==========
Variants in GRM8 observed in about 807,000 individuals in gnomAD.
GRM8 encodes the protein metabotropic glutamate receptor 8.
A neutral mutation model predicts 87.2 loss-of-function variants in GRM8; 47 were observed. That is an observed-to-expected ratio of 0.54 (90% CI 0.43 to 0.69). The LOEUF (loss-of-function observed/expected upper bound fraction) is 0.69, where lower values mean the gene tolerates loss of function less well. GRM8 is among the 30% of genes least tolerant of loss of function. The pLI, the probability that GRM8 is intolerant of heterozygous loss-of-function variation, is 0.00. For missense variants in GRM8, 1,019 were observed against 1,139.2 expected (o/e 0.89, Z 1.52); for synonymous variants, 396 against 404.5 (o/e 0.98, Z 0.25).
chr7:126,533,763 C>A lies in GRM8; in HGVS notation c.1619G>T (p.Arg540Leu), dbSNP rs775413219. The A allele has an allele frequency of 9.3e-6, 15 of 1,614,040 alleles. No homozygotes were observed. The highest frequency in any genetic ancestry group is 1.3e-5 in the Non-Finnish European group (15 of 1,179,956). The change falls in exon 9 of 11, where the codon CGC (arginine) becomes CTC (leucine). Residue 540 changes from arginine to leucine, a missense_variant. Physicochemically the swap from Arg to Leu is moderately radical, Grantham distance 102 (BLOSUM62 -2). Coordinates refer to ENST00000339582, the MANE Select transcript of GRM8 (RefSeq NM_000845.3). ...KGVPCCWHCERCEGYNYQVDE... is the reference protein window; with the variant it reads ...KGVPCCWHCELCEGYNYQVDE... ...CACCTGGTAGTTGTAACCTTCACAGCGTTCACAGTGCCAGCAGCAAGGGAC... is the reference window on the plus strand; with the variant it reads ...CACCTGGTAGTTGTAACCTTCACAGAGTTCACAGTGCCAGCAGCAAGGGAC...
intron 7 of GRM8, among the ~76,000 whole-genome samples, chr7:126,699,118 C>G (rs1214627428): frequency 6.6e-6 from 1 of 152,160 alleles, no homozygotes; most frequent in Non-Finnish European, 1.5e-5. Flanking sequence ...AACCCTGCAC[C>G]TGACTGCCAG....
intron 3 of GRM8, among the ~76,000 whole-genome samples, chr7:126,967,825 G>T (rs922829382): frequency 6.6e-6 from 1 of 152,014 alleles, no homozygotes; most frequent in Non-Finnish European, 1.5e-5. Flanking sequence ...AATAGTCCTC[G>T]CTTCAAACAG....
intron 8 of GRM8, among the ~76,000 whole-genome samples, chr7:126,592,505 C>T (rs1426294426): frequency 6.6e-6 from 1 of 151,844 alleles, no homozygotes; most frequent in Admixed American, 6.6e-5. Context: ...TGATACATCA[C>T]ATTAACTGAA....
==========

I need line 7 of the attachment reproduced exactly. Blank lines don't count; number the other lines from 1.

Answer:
intron 8 of GRM8, among the ~76,000 whole-genome samples, chr7:126,592,505 C>T (rs1426294426): frequency 6.6e-6 from 1 of 151,844 alleles, no homozygotes; most frequent in Admixed American, 6.6e-5. Context: ...TGATACATCA[C>T]ATTAACTGAA....